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The author of Shulchan Aruch, in his capacity as the author of Shulchan Aruch, is often called "the m'chaber", or "ham'chaber", literally "the composer" or "the author". (Obviously, many authors are called that when discussing their books, but the m'chaber is often called that even out of such context. For example, when discussing halacha, one might mention that the Tur holds a certain view while the m'chaber holds another and the P'ri M'gadim a third.) While of course Shulchan Aruch is an important and seminal work, there are other works equally important and seminal.

How did it happen that the m'chaber came to be called that?

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First thing that comes to mind is that the Rama is called hagos,so it makes sense to call the Shulchan Aruch the Mechaber.He also took three shittos (Rif,Rosh,Rambam) and compiled the Shulchan Aruch,we still attribute the Shulchan Aruch to him. – sam Nov 6 '13 at 4:48
Who calls the rama "the hagos"? – Double AA Nov 6 '13 at 5:12
I think it was initially in the context of the Shulchan Aruch itself; the main text was written by the author (m'chabeir), as opposed to the many peripheral commentaries that were written by others. Likewise, in the context of other (including less widely studied) s'farim, other authors are also called "the m'chabeir." In my experience, moreover, that is a relatively uncommon appellation for R' Yosef Karo (cf. for example "the Beit Yosef") outside the context of discussing the Shulchan Aruch. – Fred Nov 6 '13 at 5:54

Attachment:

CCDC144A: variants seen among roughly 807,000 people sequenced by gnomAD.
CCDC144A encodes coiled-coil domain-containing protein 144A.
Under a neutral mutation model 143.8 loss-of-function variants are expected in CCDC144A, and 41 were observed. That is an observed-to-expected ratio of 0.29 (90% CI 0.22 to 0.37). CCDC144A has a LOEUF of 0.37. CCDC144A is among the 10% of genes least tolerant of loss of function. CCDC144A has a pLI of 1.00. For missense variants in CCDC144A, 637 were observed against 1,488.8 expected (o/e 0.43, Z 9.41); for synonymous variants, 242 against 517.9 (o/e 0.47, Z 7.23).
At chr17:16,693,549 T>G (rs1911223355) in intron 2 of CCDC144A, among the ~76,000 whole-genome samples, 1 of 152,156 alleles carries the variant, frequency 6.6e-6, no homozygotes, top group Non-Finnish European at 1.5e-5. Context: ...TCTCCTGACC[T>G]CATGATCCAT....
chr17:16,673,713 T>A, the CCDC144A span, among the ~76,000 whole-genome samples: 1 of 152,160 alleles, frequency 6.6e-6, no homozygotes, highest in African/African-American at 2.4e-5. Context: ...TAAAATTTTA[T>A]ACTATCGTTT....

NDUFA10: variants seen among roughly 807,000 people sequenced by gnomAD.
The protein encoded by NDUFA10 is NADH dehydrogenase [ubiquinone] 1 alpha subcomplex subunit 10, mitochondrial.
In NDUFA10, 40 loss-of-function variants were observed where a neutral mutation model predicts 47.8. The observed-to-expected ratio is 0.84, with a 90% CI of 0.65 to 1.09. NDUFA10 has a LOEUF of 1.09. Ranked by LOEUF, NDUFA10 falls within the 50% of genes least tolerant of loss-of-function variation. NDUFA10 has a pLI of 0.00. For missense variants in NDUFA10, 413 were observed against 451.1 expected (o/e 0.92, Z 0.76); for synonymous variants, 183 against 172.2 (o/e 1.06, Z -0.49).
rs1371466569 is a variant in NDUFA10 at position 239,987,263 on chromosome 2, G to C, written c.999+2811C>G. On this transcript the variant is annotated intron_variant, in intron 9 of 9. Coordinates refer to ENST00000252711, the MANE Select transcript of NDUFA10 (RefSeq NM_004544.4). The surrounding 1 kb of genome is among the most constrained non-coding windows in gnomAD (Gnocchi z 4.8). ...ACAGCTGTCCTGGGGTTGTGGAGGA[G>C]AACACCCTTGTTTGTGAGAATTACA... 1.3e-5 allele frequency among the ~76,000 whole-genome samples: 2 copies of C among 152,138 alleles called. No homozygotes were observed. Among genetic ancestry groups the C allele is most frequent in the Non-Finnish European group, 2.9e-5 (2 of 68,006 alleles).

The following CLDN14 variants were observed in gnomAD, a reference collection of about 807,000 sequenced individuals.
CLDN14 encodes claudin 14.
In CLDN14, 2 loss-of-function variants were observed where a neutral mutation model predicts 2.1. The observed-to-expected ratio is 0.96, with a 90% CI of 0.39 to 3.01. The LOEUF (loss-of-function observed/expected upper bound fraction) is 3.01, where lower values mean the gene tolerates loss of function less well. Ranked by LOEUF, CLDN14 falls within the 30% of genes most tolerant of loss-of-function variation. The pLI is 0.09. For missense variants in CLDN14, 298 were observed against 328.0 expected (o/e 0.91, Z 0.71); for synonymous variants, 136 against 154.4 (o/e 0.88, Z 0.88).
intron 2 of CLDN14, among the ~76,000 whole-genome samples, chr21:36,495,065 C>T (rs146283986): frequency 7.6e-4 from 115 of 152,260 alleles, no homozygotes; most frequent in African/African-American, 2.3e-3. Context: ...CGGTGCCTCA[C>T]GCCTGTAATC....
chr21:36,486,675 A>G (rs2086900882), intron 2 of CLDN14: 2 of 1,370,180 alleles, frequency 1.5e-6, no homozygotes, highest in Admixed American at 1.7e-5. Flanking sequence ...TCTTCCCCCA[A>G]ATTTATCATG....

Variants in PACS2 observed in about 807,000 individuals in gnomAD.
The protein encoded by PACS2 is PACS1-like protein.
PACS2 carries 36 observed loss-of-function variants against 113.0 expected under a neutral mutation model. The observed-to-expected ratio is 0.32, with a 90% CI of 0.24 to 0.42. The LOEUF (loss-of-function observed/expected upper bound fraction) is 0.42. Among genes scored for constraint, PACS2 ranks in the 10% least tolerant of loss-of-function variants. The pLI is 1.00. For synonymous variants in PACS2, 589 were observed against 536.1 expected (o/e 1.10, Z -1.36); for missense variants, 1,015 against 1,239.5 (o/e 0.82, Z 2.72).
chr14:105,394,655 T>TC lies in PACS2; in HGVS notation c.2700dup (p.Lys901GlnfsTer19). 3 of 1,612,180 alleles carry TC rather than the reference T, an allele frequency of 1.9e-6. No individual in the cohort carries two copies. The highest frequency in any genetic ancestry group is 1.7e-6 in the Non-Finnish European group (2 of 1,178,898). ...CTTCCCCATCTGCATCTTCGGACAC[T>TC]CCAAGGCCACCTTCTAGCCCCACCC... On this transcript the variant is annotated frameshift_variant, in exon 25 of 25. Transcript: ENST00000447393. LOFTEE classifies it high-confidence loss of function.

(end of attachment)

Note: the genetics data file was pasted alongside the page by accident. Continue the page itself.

@Fred Indeed, many of the nosei keilim on the Rambam refer to him as such. Ironically, "the Mechaber" would probably cringe to discover that he is known as "the author [of the Shulchan Aruch]" and not "the author [of the Beit Yosef]". – Double AA Nov 6 '13 at 6:01
@SethJ He would have thought the Beit Yosef was his magnum opus while the Shulchan Aruch was just a review book for those who knew Beit Yosef. – Double AA Nov 6 '13 at 17:56

I have heard that the Bais Yosef was called The Mechaber since he combined (Chibur = connect) all the different Talmidei Chachomim in one location to come to a Halachic conclusion.

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Was this meant as Drush or History? – Double AA Nov 6 '13 at 17:54
@DoubleAA: I heard this from one of my Rabeyim years ago. Do not remember if there was a source and in what context it was said. I felt it was a worthy answer in spite of its ambiguity. – Gershon Gold Nov 6 '13 at 18:08

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